Du Maurier broadens this romantic dilemma into a broader theme about the female situation. Mary is frustrated that as a woman she has fewer weapons in her armoury against her uncle. As a man she could challenge him uncle in open combat, but as a woman she is nothing more than “a petticoat and a shawl.” Later, during a day out with Jem, she becomes as frustrated by differing gendered attitudes towards sexual liaisons:
She wished that women were not the frail things of straw she believed them to be; then she could stay this night with Jem Merlyn and forget herself as he could forget, and both of them part with a laugh and a shrug of the shoulder. But she was a woman, and it was impossible. A few kisses had made a fool of her already.
Mary knows that the real risk of a relationship with Jem isn’t a damaged reputation, it is that she would become the kind of abused woman she finds in her Aunt Patience. In her aunt she sees someone whose previous lively personality and intelligence have disappeared because of constant fear of her husband. Living in “perpetual high anxiety” under his reign has turned into into “a whimpering dog that has been trained by constant cruelty to implicit obedience.”
Mary puts her faith in her own strength of will to combat a fate where she would, like Patience, trail like a ghost in the shadow of her master. But she is operating in a world where it seems violence against women is normal and all Jem can promise her is a hard life. The novel’s ending leaves us wondering whether there will in fact be a ‘happy-ending’ for Mary.
About the book: Jamaica Inn, inspired by du Maurier’s stay at the real inn in 1930, was published in 1936, the fourth novel she had written. Three years later it was adapted for film by Alfred Hitchcock, the first of three of her works he was to transfer to the large screen (the others were her novel Rebecca and short story The Birds). The coaching inn still exists though today is a far more successful commercial venture than it was in the novel. From the pictures on the website it looks rather cosy. I’ve never been there by my husband tells me it’s a ‘bit touristy’…..
About the author: Daphne du Maurier was born in London into an artistic and literary family. Her connections helped her establish her literary career, giving her the ability to publish some early works in Bystander magazine. Her first novel, The Loving Spirit, was published in 1931. Her most famous novel Rebecca, published in 1938 became one of most successful works. In 1969 she was created a Dame Commander of the Order of the British Empire but never told any of her family about the honour and never used the title. She died in 1989.
Why I read this book: Jamaica Inn is one of those novels that it’s guaranteed people will have heard of even if they have never read it or seen one of the various film/tv adaptations. I found it in a library sale and thought it was about time I gave it a go. It’s on my reading list for 20booksofsummer2017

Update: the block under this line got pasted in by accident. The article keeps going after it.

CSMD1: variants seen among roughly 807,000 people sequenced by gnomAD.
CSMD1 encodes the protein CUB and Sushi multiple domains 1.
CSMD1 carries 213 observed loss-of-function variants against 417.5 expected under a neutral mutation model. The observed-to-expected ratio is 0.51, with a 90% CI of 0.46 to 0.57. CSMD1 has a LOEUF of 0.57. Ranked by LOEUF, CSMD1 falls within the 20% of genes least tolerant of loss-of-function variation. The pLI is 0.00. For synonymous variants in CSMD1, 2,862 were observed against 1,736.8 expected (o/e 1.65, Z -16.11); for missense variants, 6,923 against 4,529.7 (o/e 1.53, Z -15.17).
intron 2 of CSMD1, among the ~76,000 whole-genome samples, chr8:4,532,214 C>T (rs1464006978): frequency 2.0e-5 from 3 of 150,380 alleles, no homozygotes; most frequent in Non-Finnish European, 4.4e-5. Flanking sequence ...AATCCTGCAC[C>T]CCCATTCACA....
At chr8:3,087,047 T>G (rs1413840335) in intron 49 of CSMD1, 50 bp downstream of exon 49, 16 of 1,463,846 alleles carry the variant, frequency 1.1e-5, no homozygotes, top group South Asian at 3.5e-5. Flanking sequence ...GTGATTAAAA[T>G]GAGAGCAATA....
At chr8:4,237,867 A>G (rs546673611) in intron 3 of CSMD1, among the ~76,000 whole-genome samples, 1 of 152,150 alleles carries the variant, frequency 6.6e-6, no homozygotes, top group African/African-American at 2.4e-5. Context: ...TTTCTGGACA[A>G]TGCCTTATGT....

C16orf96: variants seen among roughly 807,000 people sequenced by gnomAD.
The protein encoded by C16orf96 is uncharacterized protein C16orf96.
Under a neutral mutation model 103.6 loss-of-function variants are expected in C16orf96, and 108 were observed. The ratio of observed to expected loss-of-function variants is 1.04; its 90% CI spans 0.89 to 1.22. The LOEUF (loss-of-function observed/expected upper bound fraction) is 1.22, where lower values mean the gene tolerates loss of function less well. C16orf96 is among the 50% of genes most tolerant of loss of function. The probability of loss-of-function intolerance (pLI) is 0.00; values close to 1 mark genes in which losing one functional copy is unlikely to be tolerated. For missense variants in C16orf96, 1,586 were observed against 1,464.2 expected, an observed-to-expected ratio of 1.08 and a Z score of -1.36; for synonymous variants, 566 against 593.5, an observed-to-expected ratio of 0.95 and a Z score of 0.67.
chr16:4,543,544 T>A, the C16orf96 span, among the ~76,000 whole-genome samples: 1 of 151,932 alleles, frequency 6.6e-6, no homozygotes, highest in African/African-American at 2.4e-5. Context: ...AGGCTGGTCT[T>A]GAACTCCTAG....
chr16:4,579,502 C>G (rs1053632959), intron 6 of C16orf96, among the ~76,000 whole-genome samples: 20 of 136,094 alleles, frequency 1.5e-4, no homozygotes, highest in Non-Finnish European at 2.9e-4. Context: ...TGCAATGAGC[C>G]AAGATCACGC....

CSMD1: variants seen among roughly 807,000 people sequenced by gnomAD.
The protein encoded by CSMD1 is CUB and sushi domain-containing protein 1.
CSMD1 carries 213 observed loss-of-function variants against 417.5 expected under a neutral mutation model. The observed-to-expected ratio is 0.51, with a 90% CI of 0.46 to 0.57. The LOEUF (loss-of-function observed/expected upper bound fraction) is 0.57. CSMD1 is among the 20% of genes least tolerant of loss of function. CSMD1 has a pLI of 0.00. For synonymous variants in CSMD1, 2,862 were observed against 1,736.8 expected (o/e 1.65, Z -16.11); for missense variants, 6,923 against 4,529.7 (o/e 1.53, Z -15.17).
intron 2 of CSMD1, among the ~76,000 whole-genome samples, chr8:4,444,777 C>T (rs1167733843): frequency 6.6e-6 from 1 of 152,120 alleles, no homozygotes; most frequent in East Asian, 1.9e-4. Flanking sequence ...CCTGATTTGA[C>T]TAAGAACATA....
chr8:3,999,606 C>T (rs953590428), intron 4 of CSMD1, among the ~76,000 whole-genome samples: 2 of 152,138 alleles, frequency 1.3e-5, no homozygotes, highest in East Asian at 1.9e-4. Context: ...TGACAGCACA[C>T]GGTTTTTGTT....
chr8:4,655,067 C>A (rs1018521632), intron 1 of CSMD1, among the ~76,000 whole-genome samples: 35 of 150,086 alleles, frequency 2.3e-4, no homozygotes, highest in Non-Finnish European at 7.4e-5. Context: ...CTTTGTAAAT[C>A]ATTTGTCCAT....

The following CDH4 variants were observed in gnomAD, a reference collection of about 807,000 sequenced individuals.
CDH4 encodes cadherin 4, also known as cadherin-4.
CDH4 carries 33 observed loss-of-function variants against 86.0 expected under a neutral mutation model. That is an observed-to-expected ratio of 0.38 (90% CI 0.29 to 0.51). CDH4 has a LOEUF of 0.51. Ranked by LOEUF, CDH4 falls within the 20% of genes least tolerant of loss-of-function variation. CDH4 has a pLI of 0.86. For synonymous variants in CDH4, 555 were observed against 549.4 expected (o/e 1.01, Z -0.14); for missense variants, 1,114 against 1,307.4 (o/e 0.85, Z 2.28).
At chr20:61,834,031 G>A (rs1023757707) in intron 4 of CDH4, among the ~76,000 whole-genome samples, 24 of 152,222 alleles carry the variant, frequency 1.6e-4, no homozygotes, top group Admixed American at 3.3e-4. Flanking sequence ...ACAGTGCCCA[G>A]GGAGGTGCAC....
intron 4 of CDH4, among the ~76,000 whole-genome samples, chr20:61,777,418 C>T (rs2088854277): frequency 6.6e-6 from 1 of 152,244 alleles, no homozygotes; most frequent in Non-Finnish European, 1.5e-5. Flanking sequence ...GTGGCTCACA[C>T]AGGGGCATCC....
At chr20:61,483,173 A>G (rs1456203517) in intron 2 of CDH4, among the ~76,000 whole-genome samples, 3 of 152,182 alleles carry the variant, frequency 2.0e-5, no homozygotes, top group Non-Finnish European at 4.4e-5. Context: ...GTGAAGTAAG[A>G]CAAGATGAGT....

I stopped eating meat about 30 years ago as an experiment in healthy eating. Like Yeong-hye, the central character in The Vegetarian, I came in for many challenges from certain members of my family who couldn’t understand why I wanted to forsake what, for them, was a standard element of any meal. Fortunately I had a more cohesive answer than the one Yeong-hye gives her husband: “I had a dream.” she tells him when he discovers her sat on the floor of their kitchen in Seoul, surrounded by packets of meat she has thrown out of the freezer.
We learn, though her husband doesn’t, that her dream is grotesque, bloody and aggressive. And so is the reaction to her decision. Her husband frets about how this will look to his boss who invites them for dinner (the resulting occasion is a painful event). father, so incensed that she will not eat the delicacies prepared for a family lunch, tries to force a piece of sweet-and-sour pork into her mouth. In protest Yeong-hye stabs herself.
And yet who would have imagined this of a woman whose nature until then had been so docile and insignificant; the very reason her husband chose her for his bride was that she was “completely unremarkable in every way”. And yet here she is refusing to wear a bra, defying Korean cultural expectations by putting her own needs above those of family and husband, and to eat only plants even though she is clearly starving herself. Only her brother in law, an unsuccessful video artist, finds her attractive. Unfortunately he’s not interested in her as such, only in Yeong-hye as a body, a canvas upon which he can paint giant flowers and plants. She becomes the object of his sexually-charged obsession that transforms her body into a “huge, abstracted plant.”
The Vegetarian is told in three acts which have distinctive differences in language from measured prose to almost hallucinatory description and to fragmented internal monologues where we get to learn what is going on in Yeong-hye’s mind.